structural features distinguishing it from the primary cytolysis polymerase. Anti-PARP p85 fragment antibody is considered
of eosinophils that commonly occur in diseased human airway to be an early marker of apoptosis (29) because cleavage of
746 AMERICAN JOURNAL OF RESPIRATORY AND CRITICAL CARE MEDICINE VOL 170 2004
Figure 3. Transmission elec-
tron micrographs of polyp
tissues demonstrating an Figure 4. Transmission electron micrographs of purified blood eosino-
apoptotic plasma cell (a), phils demonstrating a normal in vitro eosinophil (a ), an eosinophil at
an epithelial cell with en- an early stage of apoptosis with typical nuclear chromatin condensation
gulfed cell material (b), and (b ), an apoptotic eosinophil with pyknotic nucleus with extensive bleb-
a macrophage containing bing at the nuclear envelope (c ), apoptotic eosinophils undergoing
engulfed cell material and secondary necrosis with chromatolysis (d ), and an eosinophil in which
apoptotic bodies (c). the nucleus is completely lysed in a late phase of secondary necrosis (e ).
conﬁrmed by the present TEM analysis, nor have other workers
produced compelling conﬁrmation of apoptotic epithelial cell
morphology in human airways in vivo (29). It is possible that
epithelial cells, too, are eliminated by entering the airway lumen.
Epithelial cells may thus detach without prior apoptosis (29) and
be found intact (even with beating cilia) in asthmatic sputa (38).
Further work is warranted to deﬁne what cell features may be
associated with PARP positivity. Currently, it cannot be excluded
that the PARP-positive cells are at an early stage of apoptosis,
but then nothing is known regarding the extent to which the
PARP-positive cells, such as the present PARP-positive eosino-
phils, actually proceed into a true stage of apoptosis with distinct
morphologic features. There was no indication in this study that
PARP-positive eosinophils were moving toward the airway lumen
(Table 1). Thus, our ﬁndings do not support the possibility that
PARP-positive eosinophils are designated for transepithelial mi-
gration to contribute to the pool of apoptotic eosinophils that
actually occur in airway luminal liquids in animals and humans
(25, 26, 39, 40).
PARP occurs before DNA fragmentation. However, other cellu- In summary, we have demonstrated that major features of
lar repair proteins than PARP may operate, and it has not been eosinophils in culture, including apoptosis and secondary necro-
determined in detail that PARP p85-positive cells always are or sis, may not occur to signiﬁcant extents in vivo in human eosino-
become apoptotic cells. We demonstrated PARP p85-positive philic airway tissues such as nasal polyps, yet other cells scattered
staining in both the epithelium and subepithelium in the present in the tissue clearly are both apoptotic and unengulfed by macro-
nasal polyp tissue involving ﬁbroblasts, epithelial cells, and eosin- phages or other neighbor cells. We also demonstrate that the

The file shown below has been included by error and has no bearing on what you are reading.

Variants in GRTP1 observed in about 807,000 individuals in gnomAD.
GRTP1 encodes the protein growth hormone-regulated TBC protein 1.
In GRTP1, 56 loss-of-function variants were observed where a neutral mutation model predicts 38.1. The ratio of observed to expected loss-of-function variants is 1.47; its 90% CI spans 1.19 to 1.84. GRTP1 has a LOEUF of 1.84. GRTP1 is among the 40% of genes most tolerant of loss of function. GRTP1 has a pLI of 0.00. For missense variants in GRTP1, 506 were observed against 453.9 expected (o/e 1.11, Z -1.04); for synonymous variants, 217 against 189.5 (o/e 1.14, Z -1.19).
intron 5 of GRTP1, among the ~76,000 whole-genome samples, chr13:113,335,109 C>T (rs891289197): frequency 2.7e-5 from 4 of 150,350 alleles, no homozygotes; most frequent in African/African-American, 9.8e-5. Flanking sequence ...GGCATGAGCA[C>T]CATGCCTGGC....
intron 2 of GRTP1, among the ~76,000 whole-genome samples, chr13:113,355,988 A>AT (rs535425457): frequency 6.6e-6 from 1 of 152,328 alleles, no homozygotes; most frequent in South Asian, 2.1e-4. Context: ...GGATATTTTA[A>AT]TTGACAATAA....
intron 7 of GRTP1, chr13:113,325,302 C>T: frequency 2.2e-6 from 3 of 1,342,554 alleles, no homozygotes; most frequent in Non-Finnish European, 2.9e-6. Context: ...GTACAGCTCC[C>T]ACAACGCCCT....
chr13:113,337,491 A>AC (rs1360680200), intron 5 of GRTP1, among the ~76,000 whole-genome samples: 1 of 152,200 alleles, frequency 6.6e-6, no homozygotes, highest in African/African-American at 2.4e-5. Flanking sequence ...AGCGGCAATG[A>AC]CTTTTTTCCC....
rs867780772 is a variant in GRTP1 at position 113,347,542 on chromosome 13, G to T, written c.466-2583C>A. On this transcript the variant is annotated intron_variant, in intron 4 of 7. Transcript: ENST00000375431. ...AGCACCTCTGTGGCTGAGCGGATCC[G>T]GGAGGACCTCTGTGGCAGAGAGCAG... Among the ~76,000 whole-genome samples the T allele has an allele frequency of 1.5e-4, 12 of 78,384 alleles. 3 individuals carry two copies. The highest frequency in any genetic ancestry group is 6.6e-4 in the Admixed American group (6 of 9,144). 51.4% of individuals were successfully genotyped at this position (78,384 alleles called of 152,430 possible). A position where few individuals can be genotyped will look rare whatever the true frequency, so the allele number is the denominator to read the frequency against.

ophils. The total number of PARP p85-positive cells was mark- cytolysis of eosinophils, occurring in vivo, is of a primary nature
edly higher than the TUNEL-positive cells in this study. As distinct from the secondary necrosis phenomenon. Additionally,
also observed in the present nasal polyps, previous work has granulocytes occur between columnar epithelial cells and on
demonstrated PARP-positive epithelial cells in human airway the mucosal surface. We conclude that local turnover of tissue
disease, including asthma (29). The polyp tissue as a model for eosinophils in diseased airways occurs through other pathways
human chronic airway inﬂammation may, in fact, exhibit a range than apoptosis. These pathways would include “silent” egression
of interesting similarities to asthmatic airway mucosa (37). The into the lumen and “proinﬂammatory” disintegration through
occurrence of apoptotic epithelial cells, however, could not be primary cytolysis.
Uller, Andersson, Greiff, et al.: Occurrence of Eosinophil Apoptosis 747
Conflict of Interest Statement : L.U. does not have a financial relationship with a of Bcl-2, Fas, and Fas ligand in bronchial biopsies from asthmatics.
commercial entity that has an interest in the subject of this manuscript; M.A. does Am J Respir Cell Mol Biol 1998;19:747–757.
not have a financial relationship with a commercial entity that has an interest in 21. Davidsson A, Anderson T, Hellquist HB. Apoptosis and phagocytosis
the subject of this manuscript; L.G. does not have a financial relationship with a of tissue-dwelling eosinophils in sinonasal polyps. Laryngoscope 2000;
commercial entity that has an interest in the subject of this manuscript; C.G.A.P.
does not have a financial relationship with a commercial entity that has an interest
in the subject of this manuscript; J.S.E. does not have a financial relationship with 22. Vignola AM, Chanez P, Chiappara G, Siena L, Merendino A, Reina C,
a commercial entity that has an interest in the subject of this manuscript. Gagliardo R, Proﬁta M, Bousquet J, Bonsignore G. Evaluation of
apoptosis of eosinophils, macrophages, and T lymphocytes in mucosal
Acknowledgment : The authors thank Dr. Eric Carlemalm, Electron Microscopy biopsy specimens of patients with asthma and chronic bronchitis.
Unit, Lund University, for expert assistance with processing of TEM figures and J Allergy Clin Immunol 1999;103:563–573.
Monika Malm-Erjefalt for technical assistance regarding the purification of blood